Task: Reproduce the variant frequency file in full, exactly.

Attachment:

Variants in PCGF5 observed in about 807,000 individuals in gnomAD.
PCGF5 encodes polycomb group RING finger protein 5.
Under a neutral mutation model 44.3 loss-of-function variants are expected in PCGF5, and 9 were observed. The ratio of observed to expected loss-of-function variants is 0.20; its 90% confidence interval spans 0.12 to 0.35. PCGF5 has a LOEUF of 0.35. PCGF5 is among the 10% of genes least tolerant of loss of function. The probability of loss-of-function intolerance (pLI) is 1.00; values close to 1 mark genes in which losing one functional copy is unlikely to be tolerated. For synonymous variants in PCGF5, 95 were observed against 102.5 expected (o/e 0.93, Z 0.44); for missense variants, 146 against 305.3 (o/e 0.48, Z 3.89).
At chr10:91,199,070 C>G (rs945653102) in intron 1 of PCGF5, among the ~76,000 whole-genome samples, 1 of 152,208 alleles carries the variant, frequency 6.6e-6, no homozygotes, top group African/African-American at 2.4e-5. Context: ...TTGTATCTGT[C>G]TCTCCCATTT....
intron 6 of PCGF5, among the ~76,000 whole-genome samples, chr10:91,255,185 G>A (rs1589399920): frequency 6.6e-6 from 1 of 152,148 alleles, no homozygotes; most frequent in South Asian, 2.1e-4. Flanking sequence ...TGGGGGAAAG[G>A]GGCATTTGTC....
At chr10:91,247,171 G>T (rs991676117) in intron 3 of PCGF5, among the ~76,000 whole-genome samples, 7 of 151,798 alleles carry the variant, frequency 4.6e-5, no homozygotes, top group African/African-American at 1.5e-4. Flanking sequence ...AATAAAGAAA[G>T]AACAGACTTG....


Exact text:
Variants in PCGF5 observed in about 807,000 individuals in gnomAD.
PCGF5 encodes polycomb group RING finger protein 5.
Under a neutral mutation model 44.3 loss-of-function variants are expected in PCGF5, and 9 were observed. The ratio of observed to expected loss-of-function variants is 0.20; its 90% confidence interval spans 0.12 to 0.35. PCGF5 has a LOEUF of 0.35. PCGF5 is among the 10% of genes least tolerant of loss of function. The probability of loss-of-function intolerance (pLI) is 1.00; values close to 1 mark genes in which losing one functional copy is unlikely to be tolerated. For synonymous variants in PCGF5, 95 were observed against 102.5 expected (o/e 0.93, Z 0.44); for missense variants, 146 against 305.3 (o/e 0.48, Z 3.89).
At chr10:91,199,070 C>G (rs945653102) in intron 1 of PCGF5, among the ~76,000 whole-genome samples, 1 of 152,208 alleles carries the variant, frequency 6.6e-6, no homozygotes, top group African/African-American at 2.4e-5. Context: ...TTGTATCTGT[C>G]TCTCCCATTT....
intron 6 of PCGF5, among the ~76,000 whole-genome samples, chr10:91,255,185 G>A (rs1589399920): frequency 6.6e-6 from 1 of 152,148 alleles, no homozygotes; most frequent in South Asian, 2.1e-4. Flanking sequence ...TGGGGGAAAG[G>A]GGCATTTGTC....
At chr10:91,247,171 G>T (rs991676117) in intron 3 of PCGF5, among the ~76,000 whole-genome samples, 7 of 151,798 alleles carry the variant, frequency 4.6e-5, no homozygotes, top group African/African-American at 1.5e-4. Flanking sequence ...AATAAAGAAA[G>T]AACAGACTTG....